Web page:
Coping with psychometric test anxiety
Many people find the psychometric testing situation to be extremely stressful. If you are feeling stressful, and are anxious and worrying about the prospect of sitting psychometric tests, it is important that you understand the effect that this can have on your psychometric test results. Indeed, an effective proactive strategy to cope with test anxiety and stress is preparing and practicing as much as possible prior to taking the psychometric test.
Test anxiety was once thought to be unidimensional. However there is now evidence that test anxiety is multidimensional. It can be differentiated on four dimensions: worry, emotionality, interference, and lack of confidence (Stober, 2004). In the past, psychological research on coping with test anxiety was focused on the testing situation itself. However more recent research examines not only the psychometric test situation, but also the learning phase and the preparation and practice stage as these are considered equally if not more important to coping with test anxiety.
Stober (2004) describes psychometric test anxiety as a situation whereby test-takers tend to react with heightened anxiety in the face of situations that are related to taking the psychometric test and it’s outcome or result. The two initially distinguished elements of psychometric test anxiety included a cognitive component (worry), and an affective component (emotionality). Worry, in this context, involves general concerns about being evaluated and concerns about failure and the consequences of failure. Emotionality, in this context, refers to the perception of autonomic reactions which are experienced in or in anticipation of the psychometric testing situation. The interference dimension of test anxiety was introduced by Sarason (1984). Interference refers to blocking and distracting thoughts that disturb (i.e. interfere) our performance during psychometric tests.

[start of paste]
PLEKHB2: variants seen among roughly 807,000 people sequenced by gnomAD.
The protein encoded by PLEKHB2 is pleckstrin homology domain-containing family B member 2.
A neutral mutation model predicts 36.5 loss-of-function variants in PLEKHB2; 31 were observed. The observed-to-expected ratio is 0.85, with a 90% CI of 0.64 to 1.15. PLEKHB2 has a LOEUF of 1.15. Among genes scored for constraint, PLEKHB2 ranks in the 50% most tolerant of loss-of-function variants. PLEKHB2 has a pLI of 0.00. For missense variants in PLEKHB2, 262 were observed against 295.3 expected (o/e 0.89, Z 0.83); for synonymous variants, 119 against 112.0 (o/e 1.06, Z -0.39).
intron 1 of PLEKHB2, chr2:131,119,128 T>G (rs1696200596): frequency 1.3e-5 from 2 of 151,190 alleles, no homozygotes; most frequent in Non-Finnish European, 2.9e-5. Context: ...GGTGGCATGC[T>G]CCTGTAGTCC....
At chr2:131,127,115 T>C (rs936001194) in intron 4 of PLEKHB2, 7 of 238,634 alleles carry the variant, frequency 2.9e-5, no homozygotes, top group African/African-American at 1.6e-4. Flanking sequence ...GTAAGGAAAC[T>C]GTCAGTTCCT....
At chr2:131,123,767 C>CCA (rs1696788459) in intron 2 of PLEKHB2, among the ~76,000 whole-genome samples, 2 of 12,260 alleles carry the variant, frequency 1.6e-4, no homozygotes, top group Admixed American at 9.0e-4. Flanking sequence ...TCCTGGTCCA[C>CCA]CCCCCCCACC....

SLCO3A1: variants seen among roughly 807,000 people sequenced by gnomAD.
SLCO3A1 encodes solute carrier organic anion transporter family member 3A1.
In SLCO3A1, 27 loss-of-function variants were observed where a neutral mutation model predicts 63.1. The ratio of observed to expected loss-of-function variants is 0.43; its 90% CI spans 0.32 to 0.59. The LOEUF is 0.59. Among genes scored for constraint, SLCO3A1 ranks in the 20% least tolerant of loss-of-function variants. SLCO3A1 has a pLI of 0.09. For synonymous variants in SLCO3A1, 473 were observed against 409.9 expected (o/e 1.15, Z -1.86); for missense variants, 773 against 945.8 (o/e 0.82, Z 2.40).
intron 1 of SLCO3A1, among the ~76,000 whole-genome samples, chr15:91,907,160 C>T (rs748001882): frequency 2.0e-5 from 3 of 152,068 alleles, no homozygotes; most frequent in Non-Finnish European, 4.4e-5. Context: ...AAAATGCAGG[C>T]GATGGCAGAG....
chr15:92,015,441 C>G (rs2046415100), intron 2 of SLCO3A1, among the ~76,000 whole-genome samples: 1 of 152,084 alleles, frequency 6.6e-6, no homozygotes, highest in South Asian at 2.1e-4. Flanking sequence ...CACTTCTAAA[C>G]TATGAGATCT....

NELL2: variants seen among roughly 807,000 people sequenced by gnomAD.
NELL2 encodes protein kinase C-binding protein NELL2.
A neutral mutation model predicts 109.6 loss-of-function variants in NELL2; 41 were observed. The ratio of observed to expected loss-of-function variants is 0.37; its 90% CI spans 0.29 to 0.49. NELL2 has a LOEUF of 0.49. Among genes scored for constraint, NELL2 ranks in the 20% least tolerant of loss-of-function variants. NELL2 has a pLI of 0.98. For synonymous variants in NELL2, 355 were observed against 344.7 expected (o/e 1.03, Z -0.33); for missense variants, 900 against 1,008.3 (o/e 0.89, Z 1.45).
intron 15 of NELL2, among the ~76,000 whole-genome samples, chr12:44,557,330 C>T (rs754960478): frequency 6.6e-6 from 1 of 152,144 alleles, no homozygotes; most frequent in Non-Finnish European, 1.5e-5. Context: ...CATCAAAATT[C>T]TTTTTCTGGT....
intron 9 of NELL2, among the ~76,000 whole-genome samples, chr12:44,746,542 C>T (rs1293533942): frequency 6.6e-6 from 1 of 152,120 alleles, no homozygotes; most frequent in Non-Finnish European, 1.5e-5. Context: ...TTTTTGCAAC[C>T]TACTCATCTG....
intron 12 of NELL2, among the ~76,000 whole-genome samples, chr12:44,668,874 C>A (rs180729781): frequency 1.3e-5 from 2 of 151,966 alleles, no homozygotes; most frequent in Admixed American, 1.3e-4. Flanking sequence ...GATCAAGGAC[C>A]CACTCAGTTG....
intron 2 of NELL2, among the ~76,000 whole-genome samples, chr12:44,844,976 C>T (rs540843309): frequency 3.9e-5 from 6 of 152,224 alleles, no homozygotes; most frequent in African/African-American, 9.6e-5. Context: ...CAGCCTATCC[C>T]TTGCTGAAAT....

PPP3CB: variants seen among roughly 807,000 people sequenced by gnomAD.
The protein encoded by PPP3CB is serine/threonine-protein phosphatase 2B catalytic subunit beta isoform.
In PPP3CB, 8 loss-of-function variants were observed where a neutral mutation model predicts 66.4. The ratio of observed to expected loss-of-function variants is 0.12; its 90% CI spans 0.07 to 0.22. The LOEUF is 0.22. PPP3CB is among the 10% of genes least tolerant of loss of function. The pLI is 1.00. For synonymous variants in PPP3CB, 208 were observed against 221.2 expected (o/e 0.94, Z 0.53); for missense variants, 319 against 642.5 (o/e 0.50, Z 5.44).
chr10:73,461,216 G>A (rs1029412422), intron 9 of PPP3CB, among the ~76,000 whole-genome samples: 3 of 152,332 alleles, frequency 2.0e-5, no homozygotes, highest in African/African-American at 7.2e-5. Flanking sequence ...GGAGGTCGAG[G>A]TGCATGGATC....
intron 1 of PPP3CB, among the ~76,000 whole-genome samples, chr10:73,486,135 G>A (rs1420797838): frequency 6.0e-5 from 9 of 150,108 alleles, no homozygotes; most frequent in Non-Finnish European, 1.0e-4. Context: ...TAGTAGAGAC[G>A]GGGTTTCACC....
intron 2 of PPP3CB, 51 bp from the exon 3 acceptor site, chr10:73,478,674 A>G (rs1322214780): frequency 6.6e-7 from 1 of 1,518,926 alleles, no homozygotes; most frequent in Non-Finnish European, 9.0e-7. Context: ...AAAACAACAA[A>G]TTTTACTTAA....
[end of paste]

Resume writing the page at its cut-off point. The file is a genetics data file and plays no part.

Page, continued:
A major interest in psychometric test anxiety research is how to cope with this anxiety and uncertainty. This research has looked in to ways to eliminate or reduce the impact of the underlying reason for the stress and anxiety. By doing so, the aim is to control and eliminate the negative emotions in order to strengthen and promote adaptive, positive thoughts and emotions, and thus encourage successful psychometric test performance. Findings in this area of research have revealed that proactive coping methods, such as preparation and practicing online psychometric tests, are significantly related to psychometric test taking anxiety and psychometric test performance. That is, practicing online psychometric tests has been shown to decrease test anxiety and improve test results.
A relatively recent study by Stober (2004) looked at how the four dimensions (worry, emotionality, interference, and lack of confidence) are related to the way psychometric test-takers cope with pre-test anxiety and uncertainty. Interestingly, the research found that task orientation and practicing psychometric tests was positively related to worry. This suggests that some worry serves as a positive motivator for test-taker to prepare and practice psychometric tests prior to taking the real test. In addition, they found a significant negative relationship between avoidance coping behaviour and test anxiety. Avoidance coping is a maladaptive coping technique, characterised by efforts to disregard and avoid thinking about and preparing for the psychometric testing situation. These researchers concluded that successful psychometric test performance requires proactive and positive coping behaviours, such as preparing and practicing psychometric tests online.